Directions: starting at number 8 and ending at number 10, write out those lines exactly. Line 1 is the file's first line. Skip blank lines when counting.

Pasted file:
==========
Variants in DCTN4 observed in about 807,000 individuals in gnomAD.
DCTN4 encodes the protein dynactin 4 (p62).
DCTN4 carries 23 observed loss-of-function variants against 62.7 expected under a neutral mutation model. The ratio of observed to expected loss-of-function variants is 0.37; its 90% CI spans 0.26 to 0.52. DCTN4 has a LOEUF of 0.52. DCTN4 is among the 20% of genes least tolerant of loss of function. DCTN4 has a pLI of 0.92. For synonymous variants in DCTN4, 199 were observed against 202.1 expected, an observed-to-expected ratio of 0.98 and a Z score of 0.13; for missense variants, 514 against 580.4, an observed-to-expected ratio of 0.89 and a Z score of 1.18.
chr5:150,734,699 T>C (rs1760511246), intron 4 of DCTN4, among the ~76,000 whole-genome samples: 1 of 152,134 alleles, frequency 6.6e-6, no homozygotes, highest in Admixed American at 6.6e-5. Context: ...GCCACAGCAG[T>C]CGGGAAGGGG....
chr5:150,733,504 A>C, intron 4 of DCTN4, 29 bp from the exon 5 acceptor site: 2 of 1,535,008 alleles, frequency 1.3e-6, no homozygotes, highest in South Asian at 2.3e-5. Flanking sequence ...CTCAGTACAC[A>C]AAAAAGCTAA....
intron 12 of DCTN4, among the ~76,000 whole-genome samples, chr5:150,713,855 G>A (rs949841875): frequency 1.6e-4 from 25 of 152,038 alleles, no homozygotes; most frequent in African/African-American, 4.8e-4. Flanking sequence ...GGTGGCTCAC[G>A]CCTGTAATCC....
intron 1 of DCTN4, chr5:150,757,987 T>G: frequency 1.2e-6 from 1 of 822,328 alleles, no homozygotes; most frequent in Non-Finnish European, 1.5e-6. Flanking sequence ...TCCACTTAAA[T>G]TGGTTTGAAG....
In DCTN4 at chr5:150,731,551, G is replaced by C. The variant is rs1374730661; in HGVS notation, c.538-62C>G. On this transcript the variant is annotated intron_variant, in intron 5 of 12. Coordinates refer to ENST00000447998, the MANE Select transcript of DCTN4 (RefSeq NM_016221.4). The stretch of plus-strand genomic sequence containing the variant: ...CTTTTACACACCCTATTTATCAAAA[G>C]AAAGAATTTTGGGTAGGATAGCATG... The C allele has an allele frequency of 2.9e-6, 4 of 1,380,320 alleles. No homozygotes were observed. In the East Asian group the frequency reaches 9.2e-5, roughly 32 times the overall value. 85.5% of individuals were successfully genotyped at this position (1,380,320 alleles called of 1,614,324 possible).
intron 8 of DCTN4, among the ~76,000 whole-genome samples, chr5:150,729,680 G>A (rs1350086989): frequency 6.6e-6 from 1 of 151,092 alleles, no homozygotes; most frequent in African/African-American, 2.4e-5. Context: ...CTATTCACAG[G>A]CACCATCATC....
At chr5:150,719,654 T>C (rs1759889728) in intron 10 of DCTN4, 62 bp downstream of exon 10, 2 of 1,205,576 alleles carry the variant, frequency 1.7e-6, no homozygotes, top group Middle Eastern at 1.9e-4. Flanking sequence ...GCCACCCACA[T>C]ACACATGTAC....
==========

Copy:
In DCTN4 at chr5:150,731,551, G is replaced by C. The variant is rs1374730661; in HGVS notation, c.538-62C>G. On this transcript the variant is annotated intron_variant, in intron 5 of 12. Coordinates refer to ENST00000447998, the MANE Select transcript of DCTN4 (RefSeq NM_016221.4). The stretch of plus-strand genomic sequence containing the variant: ...CTTTTACACACCCTATTTATCAAAA[G>C]AAAGAATTTTGGGTAGGATAGCATG... The C allele has an allele frequency of 2.9e-6, 4 of 1,380,320 alleles. No homozygotes were observed. In the East Asian group the frequency reaches 9.2e-5, roughly 32 times the overall value. 85.5% of individuals were successfully genotyped at this position (1,380,320 alleles called of 1,614,324 possible).
intron 8 of DCTN4, among the ~76,000 whole-genome samples, chr5:150,729,680 G>A (rs1350086989): frequency 6.6e-6 from 1 of 151,092 alleles, no homozygotes; most frequent in African/African-American, 2.4e-5. Context: ...CTATTCACAG[G>A]CACCATCATC....
At chr5:150,719,654 T>C (rs1759889728) in intron 10 of DCTN4, 62 bp downstream of exon 10, 2 of 1,205,576 alleles carry the variant, frequency 1.7e-6, no homozygotes, top group Middle Eastern at 1.9e-4. Flanking sequence ...GCCACCCACA[T>C]ACACATGTAC....